An approach to the ethics of cloning humans via an examination of the ethical issues pertaining to the use of any tool
David Bourget (Western Ontario)
David Chalmers (ANU, NYU)
Rafael De Clercq
Ezio Di Nucci
Jonathan Jenkins Ichikawa
Jack Alan Reynolds
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Science and Engineering Ethics 5 (1):17-32 (1999)
Those procedures which, at some future date, could constitute the operations resulting in the cloning of a human being are defined as a tool. As humans have been using tools for some two million years, sets of rules or ethics have been devised to make sure that tools are used to promote the maximum benefit and cause the minimum harm. It would, therefore, seem appropriate to consider the human cloning process as one such tool and approach the ethical issues which might govern its use in a manner which has been informed by how we have approached similar instances of new tool development. In this we can be guided by a range of thought experiments and practical considerations. When we combine these two facilities we may conclude that there are some benefits to be gained by the use of the human cloning tool, while there are other aspects of the use of the tool that need to be carefully controlled and regulated. An outline of a pragmatic approach to the initial uses of the tool is described.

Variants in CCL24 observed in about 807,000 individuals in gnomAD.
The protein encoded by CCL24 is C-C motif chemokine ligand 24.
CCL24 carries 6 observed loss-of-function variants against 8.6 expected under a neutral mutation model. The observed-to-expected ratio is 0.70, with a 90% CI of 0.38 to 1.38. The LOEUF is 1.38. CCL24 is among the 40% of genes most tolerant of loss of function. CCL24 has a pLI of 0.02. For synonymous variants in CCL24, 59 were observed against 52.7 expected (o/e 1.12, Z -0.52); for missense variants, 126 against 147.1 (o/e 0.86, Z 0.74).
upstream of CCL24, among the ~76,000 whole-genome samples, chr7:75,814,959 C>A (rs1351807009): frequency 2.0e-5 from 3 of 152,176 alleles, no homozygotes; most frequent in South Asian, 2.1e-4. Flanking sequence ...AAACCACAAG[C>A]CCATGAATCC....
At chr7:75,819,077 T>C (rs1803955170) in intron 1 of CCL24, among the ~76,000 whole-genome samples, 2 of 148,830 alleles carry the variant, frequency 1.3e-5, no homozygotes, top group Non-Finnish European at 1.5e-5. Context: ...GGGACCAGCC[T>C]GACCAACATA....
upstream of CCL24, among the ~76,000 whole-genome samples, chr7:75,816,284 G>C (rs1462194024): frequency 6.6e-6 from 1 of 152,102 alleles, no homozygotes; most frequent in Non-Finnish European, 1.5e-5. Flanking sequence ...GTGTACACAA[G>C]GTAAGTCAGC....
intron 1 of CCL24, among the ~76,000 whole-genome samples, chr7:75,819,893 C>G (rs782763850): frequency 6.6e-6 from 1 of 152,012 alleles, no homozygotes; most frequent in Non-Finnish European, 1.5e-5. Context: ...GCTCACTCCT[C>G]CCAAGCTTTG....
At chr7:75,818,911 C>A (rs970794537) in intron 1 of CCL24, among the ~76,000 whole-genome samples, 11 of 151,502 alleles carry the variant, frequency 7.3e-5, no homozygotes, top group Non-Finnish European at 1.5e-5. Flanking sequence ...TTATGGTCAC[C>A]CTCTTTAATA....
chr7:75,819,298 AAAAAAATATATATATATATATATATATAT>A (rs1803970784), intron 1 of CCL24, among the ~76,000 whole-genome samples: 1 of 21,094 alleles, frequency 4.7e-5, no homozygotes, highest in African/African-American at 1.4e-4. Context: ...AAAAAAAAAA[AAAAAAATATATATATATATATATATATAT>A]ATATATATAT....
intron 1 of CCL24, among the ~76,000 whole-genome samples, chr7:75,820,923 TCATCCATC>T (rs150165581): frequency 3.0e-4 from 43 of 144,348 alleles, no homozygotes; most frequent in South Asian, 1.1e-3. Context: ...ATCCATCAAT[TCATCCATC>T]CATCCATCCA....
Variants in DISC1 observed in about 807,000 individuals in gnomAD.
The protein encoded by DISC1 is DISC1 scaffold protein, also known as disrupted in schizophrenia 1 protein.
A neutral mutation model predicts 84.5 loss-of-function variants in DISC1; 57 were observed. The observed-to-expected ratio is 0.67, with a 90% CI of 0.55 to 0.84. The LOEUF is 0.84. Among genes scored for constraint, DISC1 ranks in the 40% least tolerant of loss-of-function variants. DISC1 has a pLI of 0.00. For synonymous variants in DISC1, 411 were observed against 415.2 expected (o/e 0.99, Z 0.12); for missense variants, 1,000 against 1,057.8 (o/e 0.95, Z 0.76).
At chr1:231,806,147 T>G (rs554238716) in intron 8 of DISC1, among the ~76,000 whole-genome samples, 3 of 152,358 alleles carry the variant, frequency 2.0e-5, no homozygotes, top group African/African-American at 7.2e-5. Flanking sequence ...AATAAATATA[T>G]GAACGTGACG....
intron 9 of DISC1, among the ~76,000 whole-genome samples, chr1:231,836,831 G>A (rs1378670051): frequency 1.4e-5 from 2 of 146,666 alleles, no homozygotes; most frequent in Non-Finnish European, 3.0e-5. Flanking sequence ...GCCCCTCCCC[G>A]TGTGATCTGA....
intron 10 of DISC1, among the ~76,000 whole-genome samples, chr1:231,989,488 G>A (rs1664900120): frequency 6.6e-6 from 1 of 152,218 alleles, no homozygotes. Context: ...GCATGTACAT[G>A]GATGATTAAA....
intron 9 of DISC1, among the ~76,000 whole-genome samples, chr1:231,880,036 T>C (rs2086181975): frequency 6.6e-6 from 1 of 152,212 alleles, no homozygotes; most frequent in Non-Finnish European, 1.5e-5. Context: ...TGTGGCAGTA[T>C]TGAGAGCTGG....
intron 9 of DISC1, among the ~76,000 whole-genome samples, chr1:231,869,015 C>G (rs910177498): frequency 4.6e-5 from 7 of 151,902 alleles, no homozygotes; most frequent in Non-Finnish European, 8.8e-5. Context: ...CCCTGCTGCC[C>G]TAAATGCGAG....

|Keywords||ethics clones humans tools pragmatism|
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References found in this work BETA
Tom L. Beauchamp (2009). Principles of Biomedical Ethics. Oxford University Press.
Stellan Welin & Lene Buhl-Mortensen (1998). The Ethics of Doing Policy Relevant Science: The Precautionary Principle and the Significance of Non-Significant Results. [REVIEW] Science and Engineering Ethics 4 (4):401-412.
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